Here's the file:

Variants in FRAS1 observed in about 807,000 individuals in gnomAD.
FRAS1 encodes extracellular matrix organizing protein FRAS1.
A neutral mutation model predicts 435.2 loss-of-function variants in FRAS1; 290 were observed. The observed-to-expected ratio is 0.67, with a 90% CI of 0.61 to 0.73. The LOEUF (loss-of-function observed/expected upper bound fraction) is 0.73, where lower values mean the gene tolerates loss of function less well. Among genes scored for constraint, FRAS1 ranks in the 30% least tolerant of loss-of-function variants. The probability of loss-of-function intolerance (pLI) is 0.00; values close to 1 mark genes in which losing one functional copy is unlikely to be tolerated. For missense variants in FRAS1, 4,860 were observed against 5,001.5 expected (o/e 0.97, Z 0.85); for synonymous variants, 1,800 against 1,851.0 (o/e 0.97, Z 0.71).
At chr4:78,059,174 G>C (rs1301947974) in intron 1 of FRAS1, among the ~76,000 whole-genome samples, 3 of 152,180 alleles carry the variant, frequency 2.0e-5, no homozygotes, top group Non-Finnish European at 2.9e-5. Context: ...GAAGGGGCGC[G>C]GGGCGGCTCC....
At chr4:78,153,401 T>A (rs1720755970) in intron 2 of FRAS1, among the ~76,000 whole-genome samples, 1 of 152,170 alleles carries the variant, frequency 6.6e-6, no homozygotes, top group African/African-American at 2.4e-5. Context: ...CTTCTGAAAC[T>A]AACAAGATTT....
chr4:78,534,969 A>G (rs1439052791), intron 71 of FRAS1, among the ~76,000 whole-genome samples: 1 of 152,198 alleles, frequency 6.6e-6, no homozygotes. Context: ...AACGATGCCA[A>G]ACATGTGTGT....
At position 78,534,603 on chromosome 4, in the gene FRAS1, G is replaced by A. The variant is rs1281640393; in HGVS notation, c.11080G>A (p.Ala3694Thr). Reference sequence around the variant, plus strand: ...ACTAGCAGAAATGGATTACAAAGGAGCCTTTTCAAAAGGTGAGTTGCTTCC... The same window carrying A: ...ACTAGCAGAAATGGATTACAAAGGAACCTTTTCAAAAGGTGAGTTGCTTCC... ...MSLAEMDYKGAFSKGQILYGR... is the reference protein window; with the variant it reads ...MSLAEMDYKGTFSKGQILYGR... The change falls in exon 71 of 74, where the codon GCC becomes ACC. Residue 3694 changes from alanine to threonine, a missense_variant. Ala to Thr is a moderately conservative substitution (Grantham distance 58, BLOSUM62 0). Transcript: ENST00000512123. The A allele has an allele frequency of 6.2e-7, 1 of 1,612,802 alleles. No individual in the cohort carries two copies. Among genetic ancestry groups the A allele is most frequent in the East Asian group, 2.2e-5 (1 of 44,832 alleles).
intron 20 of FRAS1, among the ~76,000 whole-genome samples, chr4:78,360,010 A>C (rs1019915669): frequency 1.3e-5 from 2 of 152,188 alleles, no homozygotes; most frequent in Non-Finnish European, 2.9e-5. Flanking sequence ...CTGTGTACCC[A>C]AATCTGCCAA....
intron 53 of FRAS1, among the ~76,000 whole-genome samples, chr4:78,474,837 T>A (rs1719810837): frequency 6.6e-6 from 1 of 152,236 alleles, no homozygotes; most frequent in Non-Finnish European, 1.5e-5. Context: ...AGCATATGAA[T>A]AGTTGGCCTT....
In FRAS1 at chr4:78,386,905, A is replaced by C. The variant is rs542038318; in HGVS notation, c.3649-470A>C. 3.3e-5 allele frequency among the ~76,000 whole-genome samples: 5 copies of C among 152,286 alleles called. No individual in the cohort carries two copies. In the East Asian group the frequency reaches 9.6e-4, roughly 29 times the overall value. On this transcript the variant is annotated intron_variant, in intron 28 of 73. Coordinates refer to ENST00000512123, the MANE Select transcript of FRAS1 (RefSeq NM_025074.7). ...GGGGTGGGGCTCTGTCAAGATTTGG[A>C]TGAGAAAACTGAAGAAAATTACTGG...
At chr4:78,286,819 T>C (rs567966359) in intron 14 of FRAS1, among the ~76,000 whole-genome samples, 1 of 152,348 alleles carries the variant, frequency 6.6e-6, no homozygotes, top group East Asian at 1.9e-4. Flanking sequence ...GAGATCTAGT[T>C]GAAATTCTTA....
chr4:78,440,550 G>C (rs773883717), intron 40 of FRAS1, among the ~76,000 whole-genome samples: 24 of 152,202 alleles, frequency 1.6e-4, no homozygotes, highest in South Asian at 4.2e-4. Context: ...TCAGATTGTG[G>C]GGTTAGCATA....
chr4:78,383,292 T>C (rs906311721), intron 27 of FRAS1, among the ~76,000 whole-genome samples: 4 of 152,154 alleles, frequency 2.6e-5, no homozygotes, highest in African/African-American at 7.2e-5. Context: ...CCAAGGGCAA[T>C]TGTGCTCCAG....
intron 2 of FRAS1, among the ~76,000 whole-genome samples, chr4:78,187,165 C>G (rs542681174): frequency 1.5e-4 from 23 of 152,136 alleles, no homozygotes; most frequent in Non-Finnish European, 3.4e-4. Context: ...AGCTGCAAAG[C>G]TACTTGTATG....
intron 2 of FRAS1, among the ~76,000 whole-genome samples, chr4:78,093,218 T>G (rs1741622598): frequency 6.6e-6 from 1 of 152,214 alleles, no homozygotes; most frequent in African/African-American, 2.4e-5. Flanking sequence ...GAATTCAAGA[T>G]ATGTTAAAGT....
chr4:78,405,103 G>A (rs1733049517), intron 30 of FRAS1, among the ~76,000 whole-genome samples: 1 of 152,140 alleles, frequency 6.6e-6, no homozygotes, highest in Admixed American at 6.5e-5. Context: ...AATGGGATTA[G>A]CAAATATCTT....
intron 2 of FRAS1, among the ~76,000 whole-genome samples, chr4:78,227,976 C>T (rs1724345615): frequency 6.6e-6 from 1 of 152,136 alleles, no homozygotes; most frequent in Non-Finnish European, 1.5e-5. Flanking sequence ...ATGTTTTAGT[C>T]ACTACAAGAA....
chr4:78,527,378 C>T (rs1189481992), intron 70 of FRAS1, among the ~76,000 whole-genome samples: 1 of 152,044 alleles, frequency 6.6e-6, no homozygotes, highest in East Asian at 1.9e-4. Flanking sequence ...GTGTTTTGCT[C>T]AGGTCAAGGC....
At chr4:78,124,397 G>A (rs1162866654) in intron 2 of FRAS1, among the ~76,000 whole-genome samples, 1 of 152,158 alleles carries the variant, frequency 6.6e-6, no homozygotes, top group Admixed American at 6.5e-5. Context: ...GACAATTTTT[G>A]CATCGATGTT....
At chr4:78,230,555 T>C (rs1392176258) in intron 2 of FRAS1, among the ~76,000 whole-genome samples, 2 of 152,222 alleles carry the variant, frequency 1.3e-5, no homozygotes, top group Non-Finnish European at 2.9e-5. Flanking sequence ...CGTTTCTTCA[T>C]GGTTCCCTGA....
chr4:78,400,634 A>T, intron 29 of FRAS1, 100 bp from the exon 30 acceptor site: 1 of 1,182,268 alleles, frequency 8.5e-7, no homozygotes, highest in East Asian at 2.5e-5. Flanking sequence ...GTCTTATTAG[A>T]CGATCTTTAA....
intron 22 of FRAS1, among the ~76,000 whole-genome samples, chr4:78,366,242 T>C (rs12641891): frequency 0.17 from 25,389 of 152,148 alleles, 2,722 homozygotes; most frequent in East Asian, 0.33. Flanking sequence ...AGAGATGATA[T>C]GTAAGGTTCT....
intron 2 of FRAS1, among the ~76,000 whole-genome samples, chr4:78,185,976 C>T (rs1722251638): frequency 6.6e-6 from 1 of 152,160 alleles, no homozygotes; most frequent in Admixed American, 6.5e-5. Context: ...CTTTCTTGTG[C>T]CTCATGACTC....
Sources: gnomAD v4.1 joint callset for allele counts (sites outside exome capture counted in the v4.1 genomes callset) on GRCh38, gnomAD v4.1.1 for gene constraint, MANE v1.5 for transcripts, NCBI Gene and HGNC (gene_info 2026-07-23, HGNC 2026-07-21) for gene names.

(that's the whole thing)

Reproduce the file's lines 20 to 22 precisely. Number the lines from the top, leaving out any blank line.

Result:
At chr4:78,230,555 T>C (rs1392176258) in intron 2 of FRAS1, among the ~76,000 whole-genome samples, 2 of 152,222 alleles carry the variant, frequency 1.3e-5, no homozygotes, top group Non-Finnish European at 2.9e-5. Flanking sequence ...CGTTTCTTCA[T>C]GGTTCCCTGA....
chr4:78,400,634 A>T, intron 29 of FRAS1, 100 bp from the exon 30 acceptor site: 1 of 1,182,268 alleles, frequency 8.5e-7, no homozygotes, highest in East Asian at 2.5e-5. Flanking sequence ...GTCTTATTAG[A>T]CGATCTTTAA....
intron 22 of FRAS1, among the ~76,000 whole-genome samples, chr4:78,366,242 T>C (rs12641891): frequency 0.17 from 25,389 of 152,148 alleles, 2,722 homozygotes; most frequent in East Asian, 0.33. Flanking sequence ...AGAGATGATA[T>C]GTAAGGTTCT....